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Philippe Couillard is a lucky man. After two years of harsh budget cuts and economic hardship, the Liberal Premier of Quebec should be in deep political trouble.

But the opposition parties are preoccupied these days; they're much busier fighting among themselves in new and entertaining ways.

Yes, there has been pushback against the budget cuts in the past year. Parents formed human chains around schools and child-care centres, and there was a protest against cuts affecting the neediest kids. The province has to live within its means, Quebeckers were told. Nonetheless, $1-billion was "invested" to rescue Bombardier's aeronautics division. And Quebec doctors have not only caught up with the national average in compensation, but surpassed the pay of their Ontario colleagues. Not too bad for a poor province.

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And it's true that Parti Québécois Leader Pierre Karl Péladeau scored some points last fall for attacking the Bombardier deal. You would expect that business matters would be his forte. But the Opposition Leader has failed to create any kind of excitement about his party.

His first problem is independence fatigue. To reinvigorate and rejuvenate the movement, Mr. Péladeau wants to create an independent "research institute" on sovereignty, an idea first raised last year. Privately funded, the think tank would produce papers to demonstrate secession's "concrete" pluses and federalism minuses, explained law professor and former PQ MNA Daniel Turp.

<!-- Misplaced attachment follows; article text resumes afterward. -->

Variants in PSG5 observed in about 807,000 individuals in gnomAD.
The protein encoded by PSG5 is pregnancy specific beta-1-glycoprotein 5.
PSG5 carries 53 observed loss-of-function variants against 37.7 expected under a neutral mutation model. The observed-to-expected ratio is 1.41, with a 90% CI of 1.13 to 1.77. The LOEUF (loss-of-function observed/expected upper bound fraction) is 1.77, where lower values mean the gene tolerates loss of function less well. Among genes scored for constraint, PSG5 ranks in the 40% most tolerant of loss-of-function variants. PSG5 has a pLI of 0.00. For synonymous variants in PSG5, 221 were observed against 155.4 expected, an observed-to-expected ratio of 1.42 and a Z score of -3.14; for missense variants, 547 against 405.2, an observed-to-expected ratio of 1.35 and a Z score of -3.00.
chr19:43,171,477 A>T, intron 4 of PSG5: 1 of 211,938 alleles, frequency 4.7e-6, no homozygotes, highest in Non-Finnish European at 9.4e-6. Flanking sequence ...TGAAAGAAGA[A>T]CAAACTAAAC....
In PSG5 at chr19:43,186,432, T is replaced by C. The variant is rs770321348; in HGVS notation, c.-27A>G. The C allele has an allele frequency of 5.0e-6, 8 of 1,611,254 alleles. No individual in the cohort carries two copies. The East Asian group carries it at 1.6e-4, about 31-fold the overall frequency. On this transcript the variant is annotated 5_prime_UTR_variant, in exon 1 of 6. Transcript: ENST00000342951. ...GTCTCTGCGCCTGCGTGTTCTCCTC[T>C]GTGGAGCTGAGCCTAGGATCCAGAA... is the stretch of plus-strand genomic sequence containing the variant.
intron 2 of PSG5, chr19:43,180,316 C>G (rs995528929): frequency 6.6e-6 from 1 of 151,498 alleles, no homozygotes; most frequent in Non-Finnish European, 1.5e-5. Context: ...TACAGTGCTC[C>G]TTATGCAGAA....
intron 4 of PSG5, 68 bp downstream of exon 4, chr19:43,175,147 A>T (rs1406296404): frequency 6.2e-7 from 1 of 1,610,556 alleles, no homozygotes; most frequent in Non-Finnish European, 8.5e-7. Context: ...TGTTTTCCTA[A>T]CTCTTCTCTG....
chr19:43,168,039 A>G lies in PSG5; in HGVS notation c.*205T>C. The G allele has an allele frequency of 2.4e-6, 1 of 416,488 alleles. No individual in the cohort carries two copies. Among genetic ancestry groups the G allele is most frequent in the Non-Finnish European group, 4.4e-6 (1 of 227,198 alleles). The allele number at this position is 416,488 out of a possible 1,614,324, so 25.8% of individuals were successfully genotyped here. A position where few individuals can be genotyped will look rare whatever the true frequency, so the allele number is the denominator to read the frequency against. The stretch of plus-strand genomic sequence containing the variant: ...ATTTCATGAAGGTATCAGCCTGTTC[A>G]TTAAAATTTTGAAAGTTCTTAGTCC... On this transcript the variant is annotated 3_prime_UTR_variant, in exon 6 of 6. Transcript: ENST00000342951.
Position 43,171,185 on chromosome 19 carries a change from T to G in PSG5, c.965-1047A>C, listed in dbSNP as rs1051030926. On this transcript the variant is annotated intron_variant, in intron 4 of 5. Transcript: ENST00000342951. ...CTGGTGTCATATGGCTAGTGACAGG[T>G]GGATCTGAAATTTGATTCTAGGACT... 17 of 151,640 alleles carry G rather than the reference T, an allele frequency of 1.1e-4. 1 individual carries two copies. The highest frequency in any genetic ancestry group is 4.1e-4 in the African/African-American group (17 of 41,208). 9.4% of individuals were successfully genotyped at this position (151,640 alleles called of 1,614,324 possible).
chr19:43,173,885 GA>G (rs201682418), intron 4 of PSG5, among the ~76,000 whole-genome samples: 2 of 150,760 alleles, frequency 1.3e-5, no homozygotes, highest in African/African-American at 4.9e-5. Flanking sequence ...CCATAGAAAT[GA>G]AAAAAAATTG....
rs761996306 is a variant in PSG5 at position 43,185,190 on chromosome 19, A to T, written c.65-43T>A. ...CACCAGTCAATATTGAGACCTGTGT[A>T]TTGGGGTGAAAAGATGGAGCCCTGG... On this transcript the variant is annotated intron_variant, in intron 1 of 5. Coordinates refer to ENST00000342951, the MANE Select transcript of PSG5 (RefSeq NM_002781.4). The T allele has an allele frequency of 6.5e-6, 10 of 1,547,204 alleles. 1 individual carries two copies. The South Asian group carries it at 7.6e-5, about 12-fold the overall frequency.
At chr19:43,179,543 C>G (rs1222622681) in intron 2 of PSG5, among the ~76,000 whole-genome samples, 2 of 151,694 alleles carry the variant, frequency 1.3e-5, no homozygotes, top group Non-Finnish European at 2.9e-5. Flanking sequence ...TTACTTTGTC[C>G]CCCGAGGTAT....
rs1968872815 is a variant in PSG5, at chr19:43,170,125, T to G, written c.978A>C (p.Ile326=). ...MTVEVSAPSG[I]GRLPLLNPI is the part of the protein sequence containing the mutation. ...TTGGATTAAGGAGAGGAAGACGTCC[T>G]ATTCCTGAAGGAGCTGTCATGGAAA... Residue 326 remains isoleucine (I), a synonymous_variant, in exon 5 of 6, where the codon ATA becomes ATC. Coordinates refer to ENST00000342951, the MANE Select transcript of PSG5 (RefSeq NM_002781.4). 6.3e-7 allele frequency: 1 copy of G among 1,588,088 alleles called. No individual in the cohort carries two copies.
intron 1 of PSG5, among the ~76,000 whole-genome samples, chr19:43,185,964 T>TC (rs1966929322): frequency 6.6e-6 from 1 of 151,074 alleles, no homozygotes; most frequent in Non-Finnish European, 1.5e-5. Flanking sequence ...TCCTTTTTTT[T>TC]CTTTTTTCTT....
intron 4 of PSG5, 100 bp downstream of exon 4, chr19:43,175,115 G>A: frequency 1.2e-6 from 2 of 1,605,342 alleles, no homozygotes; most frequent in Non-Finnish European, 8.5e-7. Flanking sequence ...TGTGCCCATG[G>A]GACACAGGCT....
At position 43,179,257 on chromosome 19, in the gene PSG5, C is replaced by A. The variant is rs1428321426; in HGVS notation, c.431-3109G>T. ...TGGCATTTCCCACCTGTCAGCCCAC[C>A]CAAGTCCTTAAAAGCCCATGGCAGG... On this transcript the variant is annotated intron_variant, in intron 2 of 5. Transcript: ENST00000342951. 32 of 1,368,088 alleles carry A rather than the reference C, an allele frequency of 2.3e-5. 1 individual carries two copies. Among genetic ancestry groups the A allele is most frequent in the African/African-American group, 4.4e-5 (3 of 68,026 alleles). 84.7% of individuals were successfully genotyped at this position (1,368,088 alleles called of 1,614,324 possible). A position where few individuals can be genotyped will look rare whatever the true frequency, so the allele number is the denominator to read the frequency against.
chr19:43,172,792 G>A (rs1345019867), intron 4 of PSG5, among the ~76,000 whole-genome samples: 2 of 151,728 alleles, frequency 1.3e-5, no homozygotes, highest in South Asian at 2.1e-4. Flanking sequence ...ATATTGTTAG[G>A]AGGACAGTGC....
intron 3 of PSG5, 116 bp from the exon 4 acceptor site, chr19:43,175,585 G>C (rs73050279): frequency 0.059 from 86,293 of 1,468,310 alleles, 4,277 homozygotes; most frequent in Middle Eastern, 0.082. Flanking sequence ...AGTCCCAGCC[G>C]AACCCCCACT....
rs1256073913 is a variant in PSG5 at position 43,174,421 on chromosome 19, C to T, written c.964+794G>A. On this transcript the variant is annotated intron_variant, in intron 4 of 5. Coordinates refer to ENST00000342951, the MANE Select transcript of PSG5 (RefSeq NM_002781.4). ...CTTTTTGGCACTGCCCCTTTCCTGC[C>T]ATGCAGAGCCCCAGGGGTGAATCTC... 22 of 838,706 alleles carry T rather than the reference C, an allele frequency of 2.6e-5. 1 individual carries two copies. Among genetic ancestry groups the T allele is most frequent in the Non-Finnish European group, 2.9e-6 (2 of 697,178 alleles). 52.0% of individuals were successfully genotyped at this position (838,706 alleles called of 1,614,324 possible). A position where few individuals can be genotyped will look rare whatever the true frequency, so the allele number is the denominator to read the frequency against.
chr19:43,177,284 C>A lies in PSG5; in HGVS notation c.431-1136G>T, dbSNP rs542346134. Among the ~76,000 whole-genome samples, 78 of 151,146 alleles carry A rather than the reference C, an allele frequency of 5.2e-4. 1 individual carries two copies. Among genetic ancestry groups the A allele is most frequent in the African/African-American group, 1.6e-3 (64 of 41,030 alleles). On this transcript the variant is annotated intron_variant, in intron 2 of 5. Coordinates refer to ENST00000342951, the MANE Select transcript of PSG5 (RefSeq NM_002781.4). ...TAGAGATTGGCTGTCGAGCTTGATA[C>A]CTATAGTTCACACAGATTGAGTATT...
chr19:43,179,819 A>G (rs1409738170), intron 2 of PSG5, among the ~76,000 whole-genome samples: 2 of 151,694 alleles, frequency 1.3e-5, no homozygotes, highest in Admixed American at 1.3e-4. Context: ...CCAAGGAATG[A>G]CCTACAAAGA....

The institute is to be launched in the next few weeks and it is said that Mr. Péladeau would personally donate a "substantial" amount to it.

This leads to PKP's two other problems: first, the competition with the other opposition party, the "nationalist but not separatist" Coalition Avenir Québec; and second, Mr. Péladeau's style.

When the possibility of a personal Péladeau donation surfaced, CAQ Leader François Legault wondered whether money collected for the institute might contravene rules governing political parties' financing. For the CAQ, this supposedly independent institute would be nothing less then a front for the PQ, producing intellectual ammunition for its raison d'être.

Mr. Legault, a former PQ cabinet minister, attacks the idea of secession as a passé fantasy. After rebranding his party as strongly nationalist, he has recruited a few PQ apparatchiks lately and pretends to be on the verge of recruiting some disgruntled PQ members of the National Assembly.

Mr. Péladeau responded with a good old summons, threatening to sue his political rival if Mr. Legault didn't retract his allegations. After all, there are federalist think tanks in which high-profile Liberals are involved, such as the privately funded L'idée fédérale, which is devoted to producing papers promoting the virtues of federalism.

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Liberal House Leader Jean-Marc Fournier suggested the PQ Leader was doing some "legal bullying." (On Wednesday, Mr. Péladeau also threatened to sue Mr. Fournier over comments he made about the proposed institute.) Mr. Fournier has worked hard to paint Mr. Péladeau in the public mind as an angry millionaire, and the PQ chief has softened his image of late, though there are reports of friction between his aides and his chief of staff, Pierre Duchesne.

The Liberals, meanwhile, are having a lot of fun, enjoying a smooth winter ride.

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